We hypothesize that inter-state geopolitical networks, specifically networks of amity and networks of animosity, and international migration networks are the most important types of factors for explaining refugee flows. While the growing field of refugee studies often attempts to explain refugee flows, like international migration, through a focus on international migration networks [29], we contend that geopolitical factors are also important. Moorthy and Brathwaite [30] and Jackson and Atkinson [31] show that power competition in the form of rivalry has a significant positive effect on refugee flows. These networks of animosity may treat refugee flows as valuable foreign policy tools [2, 32]. On the other hand, networks of amity may show refugees where they will find welcoming hosts.

Data and methods

Quantitative network analysis can help disentangle which of these networks are important drivers of refugee flows. We estimate one Multiple Regression- Quadratic Assignment Procedure (MR-QAP) model for each year from 1991–2016 in order to identify the variables that are significantly related with refugee flows. MR-QAP is a dyadic hypothesis testing method that accounts for dyad-level correlations and interdependencies across dyads, addressing known weaknesses of traditional regression analysis [14, 33].

MR-QAP models require input variables to be in the form of square matrices. For the 1991–2016 time period, we therefore use 195 x 195 square matrices for each variable. Prior to 2011, these square matrices are smaller. For example, South Sudan became a country in 2011, so we work with 194 x 194 square matrices for 2010. With these matrices, the first step is to estimate an ordinary least squares (OLS) regression. Due to concerns about the sensitivity of MR-QAP to collinearity, we checked Variance Inflation Factors (VIFs) for all of our models [34]. In all cases, our models did not show evidence of collinearity.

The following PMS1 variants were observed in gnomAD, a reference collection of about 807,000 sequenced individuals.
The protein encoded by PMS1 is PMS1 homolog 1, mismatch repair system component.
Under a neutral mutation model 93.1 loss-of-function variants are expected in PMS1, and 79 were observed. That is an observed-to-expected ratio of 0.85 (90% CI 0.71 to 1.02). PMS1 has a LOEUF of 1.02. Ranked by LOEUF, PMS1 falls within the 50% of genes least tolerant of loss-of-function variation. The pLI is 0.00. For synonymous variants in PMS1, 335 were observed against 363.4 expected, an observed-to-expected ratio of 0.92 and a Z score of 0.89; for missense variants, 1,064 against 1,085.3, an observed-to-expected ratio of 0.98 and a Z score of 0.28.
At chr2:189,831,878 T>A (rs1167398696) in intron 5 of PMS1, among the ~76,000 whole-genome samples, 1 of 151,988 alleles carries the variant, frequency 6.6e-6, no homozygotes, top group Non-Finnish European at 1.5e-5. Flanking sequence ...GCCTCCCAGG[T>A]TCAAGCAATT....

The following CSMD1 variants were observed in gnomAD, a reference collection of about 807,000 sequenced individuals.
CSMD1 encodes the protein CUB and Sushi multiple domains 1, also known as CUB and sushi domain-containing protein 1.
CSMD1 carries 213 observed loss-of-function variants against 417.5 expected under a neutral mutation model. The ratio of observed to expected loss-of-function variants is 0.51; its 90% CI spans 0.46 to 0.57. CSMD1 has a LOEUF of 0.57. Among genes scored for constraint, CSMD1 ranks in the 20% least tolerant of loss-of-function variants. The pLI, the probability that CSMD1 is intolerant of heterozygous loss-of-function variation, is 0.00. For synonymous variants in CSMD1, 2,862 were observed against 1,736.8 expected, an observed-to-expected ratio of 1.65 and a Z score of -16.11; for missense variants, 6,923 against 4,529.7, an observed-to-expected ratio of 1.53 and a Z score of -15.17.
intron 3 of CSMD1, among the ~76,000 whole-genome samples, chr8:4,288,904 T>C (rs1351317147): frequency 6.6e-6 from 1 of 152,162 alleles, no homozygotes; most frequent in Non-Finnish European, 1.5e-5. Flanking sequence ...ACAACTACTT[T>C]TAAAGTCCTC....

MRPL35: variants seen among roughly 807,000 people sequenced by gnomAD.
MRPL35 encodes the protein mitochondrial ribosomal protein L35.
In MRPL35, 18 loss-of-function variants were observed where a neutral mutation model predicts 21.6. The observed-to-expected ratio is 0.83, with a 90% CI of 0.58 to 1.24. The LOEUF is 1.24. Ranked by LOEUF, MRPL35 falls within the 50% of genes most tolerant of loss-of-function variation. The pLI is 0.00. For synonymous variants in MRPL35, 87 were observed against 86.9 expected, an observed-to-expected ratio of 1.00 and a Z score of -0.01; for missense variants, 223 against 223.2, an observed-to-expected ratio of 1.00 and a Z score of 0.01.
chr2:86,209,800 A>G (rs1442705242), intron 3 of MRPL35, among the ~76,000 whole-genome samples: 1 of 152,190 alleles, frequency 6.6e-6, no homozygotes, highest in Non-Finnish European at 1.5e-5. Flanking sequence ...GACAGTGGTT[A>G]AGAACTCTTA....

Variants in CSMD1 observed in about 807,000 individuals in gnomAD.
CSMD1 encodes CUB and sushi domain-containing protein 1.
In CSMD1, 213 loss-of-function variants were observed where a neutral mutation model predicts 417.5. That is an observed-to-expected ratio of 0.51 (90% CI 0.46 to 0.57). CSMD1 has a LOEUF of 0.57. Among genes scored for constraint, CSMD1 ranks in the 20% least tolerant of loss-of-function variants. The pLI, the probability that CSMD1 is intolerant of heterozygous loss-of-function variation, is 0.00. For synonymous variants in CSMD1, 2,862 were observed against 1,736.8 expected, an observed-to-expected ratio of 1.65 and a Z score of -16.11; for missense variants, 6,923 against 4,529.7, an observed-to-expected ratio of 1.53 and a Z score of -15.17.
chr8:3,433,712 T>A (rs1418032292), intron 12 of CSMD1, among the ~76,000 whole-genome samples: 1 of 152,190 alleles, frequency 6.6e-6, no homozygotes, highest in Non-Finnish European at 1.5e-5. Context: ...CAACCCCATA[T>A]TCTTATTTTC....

Then, we use the estimated t-statistic and compare it to a distribution of t-statistics. That distribution is calculated through 1000 Monte Carlo simulations where rows and columns of the dependent variable are shuffled, while maintaining row-column combinations. Our quadratic assignment procedure uses the double semi-partialing permutation method, which is the most robust permutation approach [34]. This process isolates dyad-level correlations. It is then possible to estimate a p-value comparing the observed t-statistic with the simulated distribution of t-statistics [35, 36]. We use the netlm function from the statnet package in R for this analysis [37]. Since the software computes the MR-QAP-adjusted p-value but not an adjusted t-statistic, we use the adjusted p-values and degrees of freedom for each year to calculate our own MR-QAP-adjusted t-statistics.

We save the MR-QAP-adjusted t-statistics and OLS t-statistics and then analyze the annual variation in those t-statistics. For the MR-QAP-adjusted t-statistics, we use k-means clustering analysis to classify our variables into 3 groups and our years into 3 groups. The clustering by variables compares the annual variation in MR-QAP-adjusted t-statistics across years. By contrast, the clustering by years compares the annual variation in MR-QAP-adjusted t-statistics across variables. We estimate our clusters from distance matrices based on Pearson’s correlation coefficients. Then, we use multi-dimensional scaling (MDS) analysis to visualize these classifications.

Table 1 displays the variables and data sources used for the analysis. Replication materials will be made available online. Our dependent variable, Refugee Flows, comes from refugee data from the United Nations High Commissioner for Refugees (UNHCR). This resource includes dyadic refugee stocks from 1975–2016, excluding Palestinian refugees since they fall under the mandate of the United Nations Relief and Works Agency (UNRWA). Before 1990, a large portion of UNHCR’s refugee data is not actually dyadic, so we would advise researchers to only use UNHCR’s monadic data if they wish to conduct analysis on refugee population data pre-1990. We calculate the first difference of refugee stocks to obtain net refugee flows. We then replaced missing values with zero. We also followed existing standard practice and replaced negative net refugee flow values with zero. Our measure of refugee flows should be considered as an undercount of flows, since it does not include short-term movements or return movements. This is, however, the best available measurement of refugee flows.